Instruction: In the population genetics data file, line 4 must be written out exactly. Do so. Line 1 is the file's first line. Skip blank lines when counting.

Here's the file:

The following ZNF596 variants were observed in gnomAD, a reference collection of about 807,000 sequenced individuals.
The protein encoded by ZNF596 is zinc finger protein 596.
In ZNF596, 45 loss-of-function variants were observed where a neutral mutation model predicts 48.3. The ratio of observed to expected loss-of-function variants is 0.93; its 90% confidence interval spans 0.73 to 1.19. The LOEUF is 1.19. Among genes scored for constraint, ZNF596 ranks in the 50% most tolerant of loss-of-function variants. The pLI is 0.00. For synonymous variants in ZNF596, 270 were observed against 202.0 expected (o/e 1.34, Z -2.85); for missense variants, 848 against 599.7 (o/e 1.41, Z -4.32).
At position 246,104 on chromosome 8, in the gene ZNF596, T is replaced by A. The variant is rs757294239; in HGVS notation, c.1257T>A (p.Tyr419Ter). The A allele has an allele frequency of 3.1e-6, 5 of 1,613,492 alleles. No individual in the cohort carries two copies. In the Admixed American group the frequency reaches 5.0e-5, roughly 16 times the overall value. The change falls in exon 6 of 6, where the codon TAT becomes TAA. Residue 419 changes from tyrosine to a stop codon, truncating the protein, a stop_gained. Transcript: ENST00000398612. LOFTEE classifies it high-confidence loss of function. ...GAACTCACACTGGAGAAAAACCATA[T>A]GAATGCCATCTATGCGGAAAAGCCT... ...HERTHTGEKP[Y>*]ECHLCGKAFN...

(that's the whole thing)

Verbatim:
At position 246,104 on chromosome 8, in the gene ZNF596, T is replaced by A. The variant is rs757294239; in HGVS notation, c.1257T>A (p.Tyr419Ter). The A allele has an allele frequency of 3.1e-6, 5 of 1,613,492 alleles. No individual in the cohort carries two copies. In the Admixed American group the frequency reaches 5.0e-5, roughly 16 times the overall value. The change falls in exon 6 of 6, where the codon TAT becomes TAA. Residue 419 changes from tyrosine to a stop codon, truncating the protein, a stop_gained. Transcript: ENST00000398612. LOFTEE classifies it high-confidence loss of function. ...GAACTCACACTGGAGAAAAACCATA[T>A]GAATGCCATCTATGCGGAAAAGCCT... ...HERTHTGEKP[Y>*]ECHLCGKAFN...